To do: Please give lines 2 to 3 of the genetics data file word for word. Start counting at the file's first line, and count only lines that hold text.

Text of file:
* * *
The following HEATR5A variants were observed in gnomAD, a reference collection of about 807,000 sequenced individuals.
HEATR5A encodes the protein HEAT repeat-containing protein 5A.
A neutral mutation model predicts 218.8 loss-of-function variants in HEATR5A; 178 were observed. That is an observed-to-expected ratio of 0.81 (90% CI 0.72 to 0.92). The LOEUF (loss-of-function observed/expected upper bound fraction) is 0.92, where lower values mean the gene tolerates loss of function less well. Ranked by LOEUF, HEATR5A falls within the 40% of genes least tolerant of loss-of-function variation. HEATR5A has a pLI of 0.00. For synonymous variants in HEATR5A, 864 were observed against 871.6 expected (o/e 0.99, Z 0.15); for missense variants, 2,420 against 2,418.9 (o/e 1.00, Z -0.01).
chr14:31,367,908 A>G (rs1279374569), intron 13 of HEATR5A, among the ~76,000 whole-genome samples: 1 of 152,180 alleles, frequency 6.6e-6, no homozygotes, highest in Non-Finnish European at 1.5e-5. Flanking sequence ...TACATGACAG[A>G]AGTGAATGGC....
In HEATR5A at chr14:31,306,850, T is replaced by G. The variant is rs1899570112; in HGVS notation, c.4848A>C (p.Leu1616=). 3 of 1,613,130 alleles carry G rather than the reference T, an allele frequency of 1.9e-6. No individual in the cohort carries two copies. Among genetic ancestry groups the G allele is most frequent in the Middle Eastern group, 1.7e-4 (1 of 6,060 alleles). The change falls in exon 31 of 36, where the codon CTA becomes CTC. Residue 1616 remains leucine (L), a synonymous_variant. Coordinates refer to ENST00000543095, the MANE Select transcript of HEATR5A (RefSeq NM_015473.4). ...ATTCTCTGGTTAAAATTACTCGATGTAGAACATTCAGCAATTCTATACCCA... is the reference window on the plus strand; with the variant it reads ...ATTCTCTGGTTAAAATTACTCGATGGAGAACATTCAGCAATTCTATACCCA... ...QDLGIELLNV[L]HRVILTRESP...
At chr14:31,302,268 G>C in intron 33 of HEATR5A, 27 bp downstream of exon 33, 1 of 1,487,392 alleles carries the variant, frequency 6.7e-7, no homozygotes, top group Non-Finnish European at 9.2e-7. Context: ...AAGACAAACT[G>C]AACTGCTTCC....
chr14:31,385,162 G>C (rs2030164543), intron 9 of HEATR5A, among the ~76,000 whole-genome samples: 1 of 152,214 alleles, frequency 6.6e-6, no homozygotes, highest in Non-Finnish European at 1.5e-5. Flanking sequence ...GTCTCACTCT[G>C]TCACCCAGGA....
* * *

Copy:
HEATR5A encodes the protein HEAT repeat-containing protein 5A.
A neutral mutation model predicts 218.8 loss-of-function variants in HEATR5A; 178 were observed. That is an observed-to-expected ratio of 0.81 (90% CI 0.72 to 0.92). The LOEUF (loss-of-function observed/expected upper bound fraction) is 0.92, where lower values mean the gene tolerates loss of function less well. Ranked by LOEUF, HEATR5A falls within the 40% of genes least tolerant of loss-of-function variation. HEATR5A has a pLI of 0.00. For synonymous variants in HEATR5A, 864 were observed against 871.6 expected (o/e 0.99, Z 0.15); for missense variants, 2,420 against 2,418.9 (o/e 1.00, Z -0.01).